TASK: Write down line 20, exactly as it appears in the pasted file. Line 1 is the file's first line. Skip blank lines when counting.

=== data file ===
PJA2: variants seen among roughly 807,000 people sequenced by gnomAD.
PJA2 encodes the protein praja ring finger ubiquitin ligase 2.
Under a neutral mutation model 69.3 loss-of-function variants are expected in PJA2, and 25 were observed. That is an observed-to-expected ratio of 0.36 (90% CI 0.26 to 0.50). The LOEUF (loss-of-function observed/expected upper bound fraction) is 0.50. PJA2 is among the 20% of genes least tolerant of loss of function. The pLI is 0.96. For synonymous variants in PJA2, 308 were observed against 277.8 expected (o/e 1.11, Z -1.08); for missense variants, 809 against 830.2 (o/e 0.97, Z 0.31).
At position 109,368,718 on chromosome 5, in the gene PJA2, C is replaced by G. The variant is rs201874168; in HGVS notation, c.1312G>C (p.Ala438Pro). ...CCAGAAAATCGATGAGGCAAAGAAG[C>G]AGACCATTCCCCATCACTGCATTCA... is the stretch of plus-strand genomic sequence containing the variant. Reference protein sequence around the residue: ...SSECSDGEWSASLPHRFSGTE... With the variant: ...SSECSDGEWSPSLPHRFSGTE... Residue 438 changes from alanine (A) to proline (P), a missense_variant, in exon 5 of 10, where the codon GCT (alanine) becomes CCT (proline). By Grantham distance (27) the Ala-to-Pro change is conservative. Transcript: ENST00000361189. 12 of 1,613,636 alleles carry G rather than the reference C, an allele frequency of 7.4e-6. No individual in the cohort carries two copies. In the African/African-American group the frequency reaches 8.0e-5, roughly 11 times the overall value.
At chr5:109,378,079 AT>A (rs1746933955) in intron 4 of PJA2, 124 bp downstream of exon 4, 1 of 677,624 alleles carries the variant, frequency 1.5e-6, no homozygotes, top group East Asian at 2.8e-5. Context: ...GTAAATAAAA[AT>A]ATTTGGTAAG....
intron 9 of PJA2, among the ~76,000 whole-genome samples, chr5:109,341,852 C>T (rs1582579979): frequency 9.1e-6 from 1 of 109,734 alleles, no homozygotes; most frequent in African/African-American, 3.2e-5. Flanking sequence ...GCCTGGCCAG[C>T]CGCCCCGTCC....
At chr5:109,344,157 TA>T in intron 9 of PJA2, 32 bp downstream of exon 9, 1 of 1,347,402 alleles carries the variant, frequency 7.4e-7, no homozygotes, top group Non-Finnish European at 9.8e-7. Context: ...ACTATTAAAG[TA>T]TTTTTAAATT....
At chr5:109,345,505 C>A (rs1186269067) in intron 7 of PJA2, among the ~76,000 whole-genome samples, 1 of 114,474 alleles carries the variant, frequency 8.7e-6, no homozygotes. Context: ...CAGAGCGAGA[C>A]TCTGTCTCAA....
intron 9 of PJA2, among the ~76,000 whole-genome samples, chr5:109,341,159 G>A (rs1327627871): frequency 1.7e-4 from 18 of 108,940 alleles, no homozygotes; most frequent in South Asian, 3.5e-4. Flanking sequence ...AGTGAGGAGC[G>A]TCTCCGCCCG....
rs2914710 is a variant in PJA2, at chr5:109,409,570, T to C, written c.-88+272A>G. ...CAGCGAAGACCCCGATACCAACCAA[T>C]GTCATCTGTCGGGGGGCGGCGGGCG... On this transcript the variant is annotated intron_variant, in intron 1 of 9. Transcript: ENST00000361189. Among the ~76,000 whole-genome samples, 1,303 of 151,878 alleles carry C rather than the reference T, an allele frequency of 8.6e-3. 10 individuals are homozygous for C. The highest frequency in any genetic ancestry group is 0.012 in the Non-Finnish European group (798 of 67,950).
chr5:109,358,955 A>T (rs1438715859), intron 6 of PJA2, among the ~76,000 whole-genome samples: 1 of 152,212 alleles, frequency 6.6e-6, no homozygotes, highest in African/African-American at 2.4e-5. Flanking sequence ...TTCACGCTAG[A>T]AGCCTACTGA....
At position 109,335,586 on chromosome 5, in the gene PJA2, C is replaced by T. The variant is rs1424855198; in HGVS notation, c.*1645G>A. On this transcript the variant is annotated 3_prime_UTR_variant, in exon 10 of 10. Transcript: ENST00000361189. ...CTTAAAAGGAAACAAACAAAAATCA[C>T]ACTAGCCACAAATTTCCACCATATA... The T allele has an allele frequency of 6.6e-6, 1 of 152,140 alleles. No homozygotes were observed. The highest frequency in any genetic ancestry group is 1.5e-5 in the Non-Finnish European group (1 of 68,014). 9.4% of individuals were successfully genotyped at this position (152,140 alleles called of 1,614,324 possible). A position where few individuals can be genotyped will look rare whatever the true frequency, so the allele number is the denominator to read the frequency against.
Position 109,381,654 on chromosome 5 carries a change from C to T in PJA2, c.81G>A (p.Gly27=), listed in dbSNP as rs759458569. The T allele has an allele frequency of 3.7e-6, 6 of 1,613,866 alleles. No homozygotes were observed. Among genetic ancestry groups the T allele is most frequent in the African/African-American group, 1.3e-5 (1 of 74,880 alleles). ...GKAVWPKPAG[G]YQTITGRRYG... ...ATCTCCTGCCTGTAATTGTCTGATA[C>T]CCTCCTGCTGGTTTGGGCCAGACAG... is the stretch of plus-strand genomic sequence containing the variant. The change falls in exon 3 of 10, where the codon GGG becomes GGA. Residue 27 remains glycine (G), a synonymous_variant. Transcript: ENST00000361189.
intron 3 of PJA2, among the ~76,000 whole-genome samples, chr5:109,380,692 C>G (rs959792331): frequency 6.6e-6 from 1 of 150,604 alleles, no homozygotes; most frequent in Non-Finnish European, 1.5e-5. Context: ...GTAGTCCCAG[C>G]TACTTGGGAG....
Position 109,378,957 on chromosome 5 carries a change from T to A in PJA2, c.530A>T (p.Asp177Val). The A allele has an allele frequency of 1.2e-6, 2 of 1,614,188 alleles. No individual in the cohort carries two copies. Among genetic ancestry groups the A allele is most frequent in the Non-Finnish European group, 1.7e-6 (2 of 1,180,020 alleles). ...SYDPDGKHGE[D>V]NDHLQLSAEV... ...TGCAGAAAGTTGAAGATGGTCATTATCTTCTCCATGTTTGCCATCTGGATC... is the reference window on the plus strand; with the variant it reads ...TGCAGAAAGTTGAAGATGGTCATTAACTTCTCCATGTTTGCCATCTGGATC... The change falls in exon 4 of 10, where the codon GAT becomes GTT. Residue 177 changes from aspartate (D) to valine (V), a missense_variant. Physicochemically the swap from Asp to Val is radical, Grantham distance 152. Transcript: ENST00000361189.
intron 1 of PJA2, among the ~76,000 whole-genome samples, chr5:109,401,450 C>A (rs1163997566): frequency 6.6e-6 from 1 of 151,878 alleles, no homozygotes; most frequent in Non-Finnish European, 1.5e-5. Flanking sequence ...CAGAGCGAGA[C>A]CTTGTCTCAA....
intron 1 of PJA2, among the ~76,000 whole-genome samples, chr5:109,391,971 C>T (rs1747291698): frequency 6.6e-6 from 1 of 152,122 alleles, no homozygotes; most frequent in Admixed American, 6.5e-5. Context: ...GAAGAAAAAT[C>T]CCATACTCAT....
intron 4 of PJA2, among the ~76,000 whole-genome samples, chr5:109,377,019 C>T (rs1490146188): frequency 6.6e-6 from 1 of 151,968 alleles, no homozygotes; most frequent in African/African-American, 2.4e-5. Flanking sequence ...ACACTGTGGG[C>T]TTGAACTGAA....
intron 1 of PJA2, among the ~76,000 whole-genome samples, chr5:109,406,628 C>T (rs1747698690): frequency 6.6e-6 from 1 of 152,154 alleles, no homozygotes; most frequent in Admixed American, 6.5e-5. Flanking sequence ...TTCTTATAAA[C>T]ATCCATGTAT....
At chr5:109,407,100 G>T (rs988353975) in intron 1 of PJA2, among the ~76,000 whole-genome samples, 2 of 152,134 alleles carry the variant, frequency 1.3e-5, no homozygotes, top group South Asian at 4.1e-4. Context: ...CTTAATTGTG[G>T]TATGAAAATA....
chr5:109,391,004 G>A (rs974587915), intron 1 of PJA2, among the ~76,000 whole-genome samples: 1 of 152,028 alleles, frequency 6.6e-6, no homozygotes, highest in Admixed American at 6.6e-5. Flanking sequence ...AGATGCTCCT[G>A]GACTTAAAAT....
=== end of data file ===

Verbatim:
At chr5:109,407,100 G>T (rs988353975) in intron 1 of PJA2, among the ~76,000 whole-genome samples, 2 of 152,134 alleles carry the variant, frequency 1.3e-5, no homozygotes, top group South Asian at 4.1e-4. Context: ...CTTAATTGTG[G>T]TATGAAAATA....